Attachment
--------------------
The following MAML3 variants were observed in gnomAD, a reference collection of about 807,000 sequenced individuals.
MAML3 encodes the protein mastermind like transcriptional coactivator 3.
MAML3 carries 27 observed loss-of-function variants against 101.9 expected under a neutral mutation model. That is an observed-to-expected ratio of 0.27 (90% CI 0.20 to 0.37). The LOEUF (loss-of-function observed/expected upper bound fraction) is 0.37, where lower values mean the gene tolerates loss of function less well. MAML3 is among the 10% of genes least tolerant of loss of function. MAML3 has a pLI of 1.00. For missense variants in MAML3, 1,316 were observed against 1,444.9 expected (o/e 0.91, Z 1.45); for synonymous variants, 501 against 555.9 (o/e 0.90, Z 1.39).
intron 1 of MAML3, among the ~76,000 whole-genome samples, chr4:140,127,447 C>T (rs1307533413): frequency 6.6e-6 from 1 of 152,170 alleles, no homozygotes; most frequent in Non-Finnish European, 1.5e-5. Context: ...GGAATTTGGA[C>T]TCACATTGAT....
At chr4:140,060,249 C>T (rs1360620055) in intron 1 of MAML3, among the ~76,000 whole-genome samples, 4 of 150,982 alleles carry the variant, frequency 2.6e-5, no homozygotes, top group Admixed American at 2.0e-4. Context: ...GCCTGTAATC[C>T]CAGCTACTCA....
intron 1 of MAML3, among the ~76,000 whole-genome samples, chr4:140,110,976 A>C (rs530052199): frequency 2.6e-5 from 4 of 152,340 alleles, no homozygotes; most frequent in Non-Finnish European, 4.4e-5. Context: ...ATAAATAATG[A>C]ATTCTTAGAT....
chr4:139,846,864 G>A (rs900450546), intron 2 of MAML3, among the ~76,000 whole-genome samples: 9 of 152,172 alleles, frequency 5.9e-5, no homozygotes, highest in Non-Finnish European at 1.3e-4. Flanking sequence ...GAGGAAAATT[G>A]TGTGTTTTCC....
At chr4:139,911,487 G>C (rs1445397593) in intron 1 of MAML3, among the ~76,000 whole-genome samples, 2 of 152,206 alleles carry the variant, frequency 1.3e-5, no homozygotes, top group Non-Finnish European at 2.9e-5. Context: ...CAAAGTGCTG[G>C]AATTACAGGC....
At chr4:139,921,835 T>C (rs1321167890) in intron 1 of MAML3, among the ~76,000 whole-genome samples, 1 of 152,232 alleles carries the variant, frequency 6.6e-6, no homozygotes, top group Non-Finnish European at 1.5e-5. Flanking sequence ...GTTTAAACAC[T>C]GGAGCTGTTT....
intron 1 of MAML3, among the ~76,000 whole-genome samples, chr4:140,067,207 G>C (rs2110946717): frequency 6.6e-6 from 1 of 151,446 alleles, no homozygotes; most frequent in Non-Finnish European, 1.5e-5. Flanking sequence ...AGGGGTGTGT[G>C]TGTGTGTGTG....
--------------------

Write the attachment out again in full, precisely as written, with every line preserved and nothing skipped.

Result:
The following MAML3 variants were observed in gnomAD, a reference collection of about 807,000 sequenced individuals.
MAML3 encodes the protein mastermind like transcriptional coactivator 3.
MAML3 carries 27 observed loss-of-function variants against 101.9 expected under a neutral mutation model. That is an observed-to-expected ratio of 0.27 (90% CI 0.20 to 0.37). The LOEUF (loss-of-function observed/expected upper bound fraction) is 0.37, where lower values mean the gene tolerates loss of function less well. MAML3 is among the 10% of genes least tolerant of loss of function. MAML3 has a pLI of 1.00. For missense variants in MAML3, 1,316 were observed against 1,444.9 expected (o/e 0.91, Z 1.45); for synonymous variants, 501 against 555.9 (o/e 0.90, Z 1.39).
intron 1 of MAML3, among the ~76,000 whole-genome samples, chr4:140,127,447 C>T (rs1307533413): frequency 6.6e-6 from 1 of 152,170 alleles, no homozygotes; most frequent in Non-Finnish European, 1.5e-5. Context: ...GGAATTTGGA[C>T]TCACATTGAT....
At chr4:140,060,249 C>T (rs1360620055) in intron 1 of MAML3, among the ~76,000 whole-genome samples, 4 of 150,982 alleles carry the variant, frequency 2.6e-5, no homozygotes, top group Admixed American at 2.0e-4. Context: ...GCCTGTAATC[C>T]CAGCTACTCA....
intron 1 of MAML3, among the ~76,000 whole-genome samples, chr4:140,110,976 A>C (rs530052199): frequency 2.6e-5 from 4 of 152,340 alleles, no homozygotes; most frequent in Non-Finnish European, 4.4e-5. Context: ...ATAAATAATG[A>C]ATTCTTAGAT....
chr4:139,846,864 G>A (rs900450546), intron 2 of MAML3, among the ~76,000 whole-genome samples: 9 of 152,172 alleles, frequency 5.9e-5, no homozygotes, highest in Non-Finnish European at 1.3e-4. Flanking sequence ...GAGGAAAATT[G>A]TGTGTTTTCC....
At chr4:139,911,487 G>C (rs1445397593) in intron 1 of MAML3, among the ~76,000 whole-genome samples, 2 of 152,206 alleles carry the variant, frequency 1.3e-5, no homozygotes, top group Non-Finnish European at 2.9e-5. Context: ...CAAAGTGCTG[G>C]AATTACAGGC....
At chr4:139,921,835 T>C (rs1321167890) in intron 1 of MAML3, among the ~76,000 whole-genome samples, 1 of 152,232 alleles carries the variant, frequency 6.6e-6, no homozygotes, top group Non-Finnish European at 1.5e-5. Flanking sequence ...GTTTAAACAC[T>C]GGAGCTGTTT....
intron 1 of MAML3, among the ~76,000 whole-genome samples, chr4:140,067,207 G>C (rs2110946717): frequency 6.6e-6 from 1 of 151,446 alleles, no homozygotes; most frequent in Non-Finnish European, 1.5e-5. Flanking sequence ...AGGGGTGTGT[G>C]TGTGTGTGTG....